Exhuma review: Cleverly terrifying South Korean occult film has spine-tingling scare factors

South Korean occult film Exhuma unfolds its plot comfortably, yet it remains equally suspenseful for the build-up to the big finale. 

Esther Low

| March 18, 2024
Actors Lee Do-hyun and Kim Go-eun in a still from South Korean film Exhuma. Photo: Purple Plan

When an occult movie has sold more than nine million tickets, you’d know that it’s the deal.

South Korean film Exhuma, starring Lee Do-hyun and Kim Go-eun, was recently the talk of the town. This supernatural film has got the suspense and scare factor down; enough for me to catch the slightly over two-hour movie behind a bag of popcorn.

Exhuma is the brainchild of Director Jang Jae-hyun, known as the “occult master” for his previous works like The Priest (2015), SVAHA: The Sixth Finger (2019), and more. And his latest film work is no less stunning, and scary, flanked by a line of compelling cast members.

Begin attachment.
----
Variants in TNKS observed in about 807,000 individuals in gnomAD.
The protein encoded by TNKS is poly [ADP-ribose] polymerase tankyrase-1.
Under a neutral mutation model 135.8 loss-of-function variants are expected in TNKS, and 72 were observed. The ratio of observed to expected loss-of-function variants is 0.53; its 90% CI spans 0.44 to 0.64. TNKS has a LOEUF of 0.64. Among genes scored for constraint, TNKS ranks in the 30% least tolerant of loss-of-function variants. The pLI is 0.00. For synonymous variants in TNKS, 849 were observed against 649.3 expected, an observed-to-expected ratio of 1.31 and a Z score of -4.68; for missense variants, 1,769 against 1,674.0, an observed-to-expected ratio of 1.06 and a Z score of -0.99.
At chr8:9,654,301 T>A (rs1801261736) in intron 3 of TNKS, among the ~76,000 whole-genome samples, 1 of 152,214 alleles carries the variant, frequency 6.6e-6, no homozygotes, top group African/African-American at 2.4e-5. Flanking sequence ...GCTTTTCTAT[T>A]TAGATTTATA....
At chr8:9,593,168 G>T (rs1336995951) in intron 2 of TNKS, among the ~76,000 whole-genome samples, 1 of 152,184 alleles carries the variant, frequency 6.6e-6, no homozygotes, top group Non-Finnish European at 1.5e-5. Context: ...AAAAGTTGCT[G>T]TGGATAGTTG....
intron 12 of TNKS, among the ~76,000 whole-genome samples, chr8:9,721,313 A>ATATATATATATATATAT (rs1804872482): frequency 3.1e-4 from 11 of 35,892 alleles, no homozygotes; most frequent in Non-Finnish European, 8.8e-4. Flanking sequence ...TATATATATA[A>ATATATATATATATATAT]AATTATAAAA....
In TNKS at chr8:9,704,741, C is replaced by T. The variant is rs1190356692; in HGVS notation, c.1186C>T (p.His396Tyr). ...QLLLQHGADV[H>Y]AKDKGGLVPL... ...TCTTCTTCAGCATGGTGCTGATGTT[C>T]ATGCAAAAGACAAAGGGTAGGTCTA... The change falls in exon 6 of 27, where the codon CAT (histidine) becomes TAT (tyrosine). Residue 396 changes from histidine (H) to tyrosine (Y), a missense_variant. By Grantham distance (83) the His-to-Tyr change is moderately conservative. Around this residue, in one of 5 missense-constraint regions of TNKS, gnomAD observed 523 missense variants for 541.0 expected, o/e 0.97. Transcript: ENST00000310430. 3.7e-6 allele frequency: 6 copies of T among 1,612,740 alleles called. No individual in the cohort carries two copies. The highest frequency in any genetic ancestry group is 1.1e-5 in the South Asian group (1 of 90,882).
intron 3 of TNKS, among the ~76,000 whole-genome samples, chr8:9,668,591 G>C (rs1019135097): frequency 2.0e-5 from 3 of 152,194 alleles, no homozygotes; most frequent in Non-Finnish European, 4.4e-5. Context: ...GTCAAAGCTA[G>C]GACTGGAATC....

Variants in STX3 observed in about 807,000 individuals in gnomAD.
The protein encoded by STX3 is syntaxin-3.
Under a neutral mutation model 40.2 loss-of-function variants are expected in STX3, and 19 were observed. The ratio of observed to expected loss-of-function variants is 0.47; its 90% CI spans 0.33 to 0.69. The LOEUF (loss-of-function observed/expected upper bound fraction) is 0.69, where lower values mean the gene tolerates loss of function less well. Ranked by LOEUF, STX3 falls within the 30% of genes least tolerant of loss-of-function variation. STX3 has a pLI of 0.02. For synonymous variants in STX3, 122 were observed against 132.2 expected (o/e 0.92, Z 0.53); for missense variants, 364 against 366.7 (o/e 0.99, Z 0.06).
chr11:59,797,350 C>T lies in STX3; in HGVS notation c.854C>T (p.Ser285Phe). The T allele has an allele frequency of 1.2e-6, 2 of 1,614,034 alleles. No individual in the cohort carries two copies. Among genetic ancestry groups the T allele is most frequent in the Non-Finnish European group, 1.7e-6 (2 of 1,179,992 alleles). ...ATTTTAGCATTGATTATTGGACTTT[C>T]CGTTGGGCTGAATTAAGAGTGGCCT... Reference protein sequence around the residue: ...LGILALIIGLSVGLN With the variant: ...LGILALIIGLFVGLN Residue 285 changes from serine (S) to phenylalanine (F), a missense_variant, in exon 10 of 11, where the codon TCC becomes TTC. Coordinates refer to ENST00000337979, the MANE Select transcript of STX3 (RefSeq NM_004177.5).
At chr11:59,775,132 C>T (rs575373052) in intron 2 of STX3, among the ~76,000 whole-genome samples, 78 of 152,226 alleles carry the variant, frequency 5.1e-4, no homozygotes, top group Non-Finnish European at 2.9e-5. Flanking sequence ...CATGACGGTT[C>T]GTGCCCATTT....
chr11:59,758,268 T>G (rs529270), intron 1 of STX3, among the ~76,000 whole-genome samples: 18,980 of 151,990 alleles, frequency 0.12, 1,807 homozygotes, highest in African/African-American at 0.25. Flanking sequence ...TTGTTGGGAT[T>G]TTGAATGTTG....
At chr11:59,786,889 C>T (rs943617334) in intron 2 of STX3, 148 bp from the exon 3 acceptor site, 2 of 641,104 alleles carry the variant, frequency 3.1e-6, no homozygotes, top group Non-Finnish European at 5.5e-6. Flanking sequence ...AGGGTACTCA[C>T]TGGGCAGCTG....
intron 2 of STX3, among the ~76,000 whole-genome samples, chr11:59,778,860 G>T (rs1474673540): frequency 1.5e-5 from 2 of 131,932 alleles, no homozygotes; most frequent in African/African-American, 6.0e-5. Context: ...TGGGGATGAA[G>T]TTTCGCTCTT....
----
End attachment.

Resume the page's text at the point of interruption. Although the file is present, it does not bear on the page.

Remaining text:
Kim Go-eun and Lee Do-hyun play shamans Hwa-rim and Bong-gil respectively in the show, while Choi Min-sik plays Geomancer Kim Sang-deok and Yoo Hae-jin the undertaker Young-geun.

The 134-minute film follows these four main characters who come together to help a wealthy Korean-American family solve a string of strange events plaguing them. They also accept the task of relocating a tomb in exchange for a significant amount of cash.

A still from South Korean film Exhuma. Photo: Purple Plan

Later, the tension gradually builds in the second half and is a visually terrifying spectacle.

Spine-tingling moments await as the group uncovers the dark, sinister secret underneath the tomb they previously removed.

The film successfully showcased the culture of burial practices and other aspects of feng shui (Chinese geomancy). However, those who are not acquainted with the concept might find parts of the film slightly confusing.

This cleverly terrifying film also unfolds comfortably and remains equally suspenseful for the build-up to the big finale. Its initial arc focuses more on the characters’ family history whereas the later half covers the broader Korean history.

Nonetheless, it is a hauntingly terrifying treat infused with culture, history and folklore.


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